A Guide To Building A Strong Remote Work Culture

7 minutes • Jul 23, 2021
building a remote work culture

Company culture goes far beyond branding, happy hours, and cool company merchandise. According to Nulab, 83% of employees agree that culture is a top factor when they’re deciding between companies. It’s no wonder — the work environment you create for your employees has a huge impact on their well-being, productivity, and success. 

In the wake of the COVID-19 pandemic, many companies need to build a remote work culture that’s just as tangible as their office culture. So how do you engage and motivate employees in the remote world? This guide will show you how to build a great remote work culture, whether you have 20 remote employees or 2,000. 

What Is a Remote Work Culture? 

First, let’s define the term “work culture.” It can be difficult to put into words, which is why we created a list of 33 terms you can use to define your company culture

Your company’s work culture is the collection of values, attitudes, habits, and goals shared by your company and your employees. A remote work culture is very similar, except it’s more heavily influenced by technology. The tech tools, digital processes, virtual activities, and even the language your team uses (text, emojis, GIFs, etc) play a bigger role in forming your culture. Also, employees that work remotely tend to expect more freedom and flexibility with the hours they work.

Company culture isn’t a list of core values, a vision statement, or an employee benefits package (even unlimited vacation and ping pong tables). These are simply tools to shape and guide the employee experience.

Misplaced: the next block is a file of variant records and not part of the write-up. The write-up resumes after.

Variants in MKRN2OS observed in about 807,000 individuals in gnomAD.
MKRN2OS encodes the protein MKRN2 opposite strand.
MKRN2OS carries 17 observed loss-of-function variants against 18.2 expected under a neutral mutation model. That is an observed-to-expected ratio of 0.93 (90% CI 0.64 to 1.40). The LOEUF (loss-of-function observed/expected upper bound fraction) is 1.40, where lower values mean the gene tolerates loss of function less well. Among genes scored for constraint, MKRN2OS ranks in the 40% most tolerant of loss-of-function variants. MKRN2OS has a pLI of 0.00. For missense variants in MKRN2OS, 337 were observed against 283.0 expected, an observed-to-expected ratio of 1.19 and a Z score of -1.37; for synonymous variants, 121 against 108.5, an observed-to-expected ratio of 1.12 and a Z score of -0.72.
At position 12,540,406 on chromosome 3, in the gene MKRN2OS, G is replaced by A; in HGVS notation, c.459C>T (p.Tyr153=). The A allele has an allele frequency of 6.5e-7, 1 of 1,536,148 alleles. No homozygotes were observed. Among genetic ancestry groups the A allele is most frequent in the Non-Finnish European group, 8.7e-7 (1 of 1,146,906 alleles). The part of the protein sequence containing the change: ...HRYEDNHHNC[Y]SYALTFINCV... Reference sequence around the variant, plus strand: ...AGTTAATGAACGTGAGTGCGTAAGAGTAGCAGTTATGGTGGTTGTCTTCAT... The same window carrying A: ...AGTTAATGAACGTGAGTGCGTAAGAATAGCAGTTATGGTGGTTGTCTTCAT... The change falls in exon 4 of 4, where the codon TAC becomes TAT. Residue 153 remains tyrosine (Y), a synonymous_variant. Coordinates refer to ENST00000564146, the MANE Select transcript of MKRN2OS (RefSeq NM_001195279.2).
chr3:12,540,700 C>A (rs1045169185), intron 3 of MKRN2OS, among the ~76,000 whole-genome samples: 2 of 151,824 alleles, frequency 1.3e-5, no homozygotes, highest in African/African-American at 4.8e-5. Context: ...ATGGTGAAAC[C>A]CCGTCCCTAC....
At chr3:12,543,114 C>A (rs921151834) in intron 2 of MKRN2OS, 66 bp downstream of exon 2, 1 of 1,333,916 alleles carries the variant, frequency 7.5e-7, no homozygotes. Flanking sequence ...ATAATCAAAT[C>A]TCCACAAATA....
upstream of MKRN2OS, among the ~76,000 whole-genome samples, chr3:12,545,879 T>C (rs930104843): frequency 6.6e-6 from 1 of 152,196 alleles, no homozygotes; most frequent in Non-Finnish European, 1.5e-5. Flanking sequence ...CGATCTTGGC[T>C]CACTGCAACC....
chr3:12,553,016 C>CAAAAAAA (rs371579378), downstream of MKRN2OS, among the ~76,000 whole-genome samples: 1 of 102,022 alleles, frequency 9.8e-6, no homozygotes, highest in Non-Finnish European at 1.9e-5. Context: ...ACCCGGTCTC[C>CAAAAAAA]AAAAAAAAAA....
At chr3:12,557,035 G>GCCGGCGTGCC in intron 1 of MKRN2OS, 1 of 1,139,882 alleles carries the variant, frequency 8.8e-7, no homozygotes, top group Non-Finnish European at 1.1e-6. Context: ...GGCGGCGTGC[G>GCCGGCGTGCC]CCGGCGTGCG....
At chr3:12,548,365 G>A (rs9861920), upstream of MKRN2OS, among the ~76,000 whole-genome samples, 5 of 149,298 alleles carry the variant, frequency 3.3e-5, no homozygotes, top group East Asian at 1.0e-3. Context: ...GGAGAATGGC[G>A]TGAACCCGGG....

Benefits of Cultivating a Great Remote Work Culture at Your Company

Nurturing company culture can often take a backseat to other business activities, but it should be at the top of your priority list. Why? Culture directly impacts your organization, from the success of your recruiting and employee retention efforts to performance and revenue goals. It’s been proven time and again: Employees that feel happy and connected are far more productive than unhappy employees. 

In addition, you’ll have a remote culture whether you intentionally create one or not. Your employees will form their own perception of your company based on their day-to-day experience in the virtual work environment. They might see it as flexible, collaborative, and fulfilling — or isolating and restrictive. So, it’s worth being intentional in how you create your culture, investing time and energy into making it the best culture possible. 

Let’s look at the perks of crafting a strong remote work culture: 

Strong Cultures Make Remote Employees Feel Happy, Included, and Committed

Remote employees are more likely to feel lonely than their fellow employees working in the office. That disconnected feeling zaps satisfaction, productivity, work quality, and also makes remote workers more likely to quit. By providing a better culture, you help create a happier team. 

Studies have shown that remote workers are the same or more productive than their in-person counterparts — imagine a remote team that feels truly invested in your company. 

Building a Remote Work Culture Today Helps Your Recruiting Efforts Tomorrow

The future of work looks to be moving toward remote and hybrid work environments. According to Gallup, 7 in 10 “white collar” office workers are still working remotely post-pandemic. And 74% of professionals expect remote work to become standard

Getting this right early on will make your company more attractive to A-list talent and make current employees more likely to recommend the company to peers. You’ll be prepared to successfully onboard new remote staff and continue growing your dispersed team.

Intentional Remote Work Cultures Improve Trust and Communication